Sunday, December 2, 2012


First Exhibit- Walking in the Shoe’s of a …

In the first exhibit (Fall) I chose to group  (opposite side of glass class) the shoes, card case, and in the glass case the assembly gown, 18th century waistcoat and 19th century waistcoat, day dress, dolman, and half of the quilt. The reason that I picked these items first was because in the second exhibit excluding the quilt that is in it everything has to do with weddings. I thought that viewers can go through the exhibit as a title of “Walking in the shoes of/at a…” and depending what the object is a person can relate to it how it fits them.  Examples:

Shoes- Walking in the shoes of a…Centennial Celebration
Assembly Gown- Walking in the shoes of A..Woman celebrating the Centennial
19th Century Waist Coat-Walking in the shoes of an upper class man
Day Dress- Walking in the shoes of a woman an upper class woman
Dolman- Walking in the shoes of a..Single woman- 1884
18th-Century Waistcoat-Walking in the shoes of a Captain

Exhibit 1

Second Exhibit- Wedding Theme

In the second exhibit (Spring) I choose to group all the items that had something to do with a wedding. The top hat, corset, combination of wedding gowns, the 1850’s wedding gown and the trousseau dress. This would obviously be a wedding theme, along with having the quilt being there too. In this display however, we would display the entire quilt.

Exhibit 2

Sunday, November 25, 2012

Smelling an Exhibit

In today’s society we find distinctions betweens social classes, races, genders, etc. mainly by seeing these things with our eyes. Did you ever stop to consider that smell is also a factor in these distinctions? According to Mark M. Smith and his book Sensing the Past he describes in his chapter about “Smell” that we do and people have for hundreds of years classified things, objects, people, and events according to smell. Here is an example to better understand this notion. Imagine you are walking in a park and you smell garbage the entire time you are there. You might not stay long at the park and you might assume that the park is not kept clean due to the fact that the neighborhood/town it is in does not have a lot of money. Therefore the up keeping of the park is poor. Now imagine that you are in the same park and you smell flowers instead. This would probably cause you to stay longer and to assume that the neighborhood/town has money to keep the park clean. Without consciously realizing it these smells have caused you to associate social/economically issues in the surrounding area of the park and assuming things because of a smell.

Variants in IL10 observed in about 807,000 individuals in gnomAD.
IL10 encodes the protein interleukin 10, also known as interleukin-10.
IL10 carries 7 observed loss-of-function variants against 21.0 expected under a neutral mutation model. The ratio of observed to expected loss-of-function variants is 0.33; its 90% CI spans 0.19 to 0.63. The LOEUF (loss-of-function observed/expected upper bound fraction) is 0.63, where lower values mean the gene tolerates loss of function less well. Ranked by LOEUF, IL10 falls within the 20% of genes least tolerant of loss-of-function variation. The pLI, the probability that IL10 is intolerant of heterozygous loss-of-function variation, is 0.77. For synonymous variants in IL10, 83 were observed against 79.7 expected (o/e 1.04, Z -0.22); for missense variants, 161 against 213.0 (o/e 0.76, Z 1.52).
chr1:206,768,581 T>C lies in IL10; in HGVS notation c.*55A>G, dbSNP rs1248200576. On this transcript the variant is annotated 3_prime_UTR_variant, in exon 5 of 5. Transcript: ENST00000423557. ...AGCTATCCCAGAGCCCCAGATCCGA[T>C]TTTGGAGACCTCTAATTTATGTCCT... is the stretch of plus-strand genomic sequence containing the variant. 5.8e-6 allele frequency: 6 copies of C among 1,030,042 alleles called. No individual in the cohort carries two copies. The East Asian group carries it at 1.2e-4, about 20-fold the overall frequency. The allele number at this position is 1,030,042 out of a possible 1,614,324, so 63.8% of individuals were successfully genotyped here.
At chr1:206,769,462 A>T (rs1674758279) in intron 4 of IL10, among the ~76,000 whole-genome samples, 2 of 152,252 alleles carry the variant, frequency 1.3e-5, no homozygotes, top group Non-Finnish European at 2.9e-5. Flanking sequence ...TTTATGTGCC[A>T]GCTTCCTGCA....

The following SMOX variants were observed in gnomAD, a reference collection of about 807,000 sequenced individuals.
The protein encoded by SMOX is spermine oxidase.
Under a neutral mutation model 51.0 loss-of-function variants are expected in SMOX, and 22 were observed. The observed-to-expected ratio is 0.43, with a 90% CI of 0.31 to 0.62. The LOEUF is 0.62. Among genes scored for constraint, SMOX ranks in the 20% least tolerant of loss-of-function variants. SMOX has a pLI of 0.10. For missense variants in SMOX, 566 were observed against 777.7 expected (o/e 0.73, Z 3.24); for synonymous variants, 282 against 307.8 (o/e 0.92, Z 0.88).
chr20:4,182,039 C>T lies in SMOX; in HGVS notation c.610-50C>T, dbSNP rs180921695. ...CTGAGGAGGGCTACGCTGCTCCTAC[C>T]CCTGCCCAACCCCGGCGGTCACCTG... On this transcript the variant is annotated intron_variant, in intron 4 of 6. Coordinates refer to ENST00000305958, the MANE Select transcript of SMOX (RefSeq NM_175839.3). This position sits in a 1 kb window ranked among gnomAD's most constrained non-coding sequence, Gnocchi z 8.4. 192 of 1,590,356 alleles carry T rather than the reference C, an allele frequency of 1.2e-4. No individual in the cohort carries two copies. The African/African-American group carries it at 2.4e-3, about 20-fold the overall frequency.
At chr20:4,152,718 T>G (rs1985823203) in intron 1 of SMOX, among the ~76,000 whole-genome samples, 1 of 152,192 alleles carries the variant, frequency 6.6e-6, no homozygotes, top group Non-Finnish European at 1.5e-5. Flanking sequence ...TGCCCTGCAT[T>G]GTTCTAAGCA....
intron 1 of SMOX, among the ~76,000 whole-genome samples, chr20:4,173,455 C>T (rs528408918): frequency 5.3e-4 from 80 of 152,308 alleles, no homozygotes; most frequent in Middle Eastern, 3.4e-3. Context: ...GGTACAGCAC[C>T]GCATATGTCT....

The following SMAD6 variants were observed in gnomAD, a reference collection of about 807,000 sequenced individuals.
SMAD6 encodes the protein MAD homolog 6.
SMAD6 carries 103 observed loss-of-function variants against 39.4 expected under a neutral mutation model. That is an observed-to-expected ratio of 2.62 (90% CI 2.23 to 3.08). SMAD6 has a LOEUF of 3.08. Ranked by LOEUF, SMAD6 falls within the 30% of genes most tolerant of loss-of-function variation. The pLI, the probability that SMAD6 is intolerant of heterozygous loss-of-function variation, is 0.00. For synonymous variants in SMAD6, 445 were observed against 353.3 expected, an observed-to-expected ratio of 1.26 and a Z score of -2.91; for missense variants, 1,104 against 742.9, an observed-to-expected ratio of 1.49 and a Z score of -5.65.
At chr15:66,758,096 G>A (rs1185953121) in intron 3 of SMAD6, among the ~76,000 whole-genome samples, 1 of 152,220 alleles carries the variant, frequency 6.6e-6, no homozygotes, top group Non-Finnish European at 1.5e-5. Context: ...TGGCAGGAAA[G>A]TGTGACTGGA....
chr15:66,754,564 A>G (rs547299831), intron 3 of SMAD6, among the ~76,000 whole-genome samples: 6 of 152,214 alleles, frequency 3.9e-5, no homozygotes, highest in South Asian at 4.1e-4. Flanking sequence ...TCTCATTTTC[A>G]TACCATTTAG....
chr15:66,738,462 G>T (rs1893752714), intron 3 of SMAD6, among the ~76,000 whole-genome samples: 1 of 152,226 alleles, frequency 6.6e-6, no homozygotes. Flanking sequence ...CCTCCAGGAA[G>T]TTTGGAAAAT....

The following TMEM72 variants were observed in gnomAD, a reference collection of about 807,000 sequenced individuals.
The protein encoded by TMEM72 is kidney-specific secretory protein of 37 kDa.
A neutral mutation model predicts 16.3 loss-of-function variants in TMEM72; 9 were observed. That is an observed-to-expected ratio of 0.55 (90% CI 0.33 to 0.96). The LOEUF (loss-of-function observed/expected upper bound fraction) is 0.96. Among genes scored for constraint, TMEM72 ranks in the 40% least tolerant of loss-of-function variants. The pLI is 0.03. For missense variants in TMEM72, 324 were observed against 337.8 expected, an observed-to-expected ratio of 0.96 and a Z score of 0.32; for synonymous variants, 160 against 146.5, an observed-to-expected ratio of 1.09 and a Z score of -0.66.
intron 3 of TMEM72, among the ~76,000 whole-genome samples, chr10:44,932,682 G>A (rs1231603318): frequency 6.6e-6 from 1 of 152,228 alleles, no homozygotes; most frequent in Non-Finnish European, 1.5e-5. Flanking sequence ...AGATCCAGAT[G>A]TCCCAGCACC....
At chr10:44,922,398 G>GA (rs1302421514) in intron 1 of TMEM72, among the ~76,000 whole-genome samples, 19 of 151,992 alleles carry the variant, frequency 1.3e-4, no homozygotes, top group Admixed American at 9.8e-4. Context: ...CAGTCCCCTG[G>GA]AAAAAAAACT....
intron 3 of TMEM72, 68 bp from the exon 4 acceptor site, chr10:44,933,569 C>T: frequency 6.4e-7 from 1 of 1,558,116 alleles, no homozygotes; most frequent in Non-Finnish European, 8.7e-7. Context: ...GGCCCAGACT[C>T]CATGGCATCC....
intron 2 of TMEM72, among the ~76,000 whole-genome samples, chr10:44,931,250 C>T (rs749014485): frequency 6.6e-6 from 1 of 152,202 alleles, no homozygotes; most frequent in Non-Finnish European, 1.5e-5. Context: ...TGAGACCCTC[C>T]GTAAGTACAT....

Odors that are pleasant to smell are usually associated with wealthier people. Whereas odors that make you want to hold your noise or even gag are associated with the lower class. These distinctions have been going on for years. We don’t often think about it but when we do carefully we can see how we often judge others and create stereotypes depending on what we smell.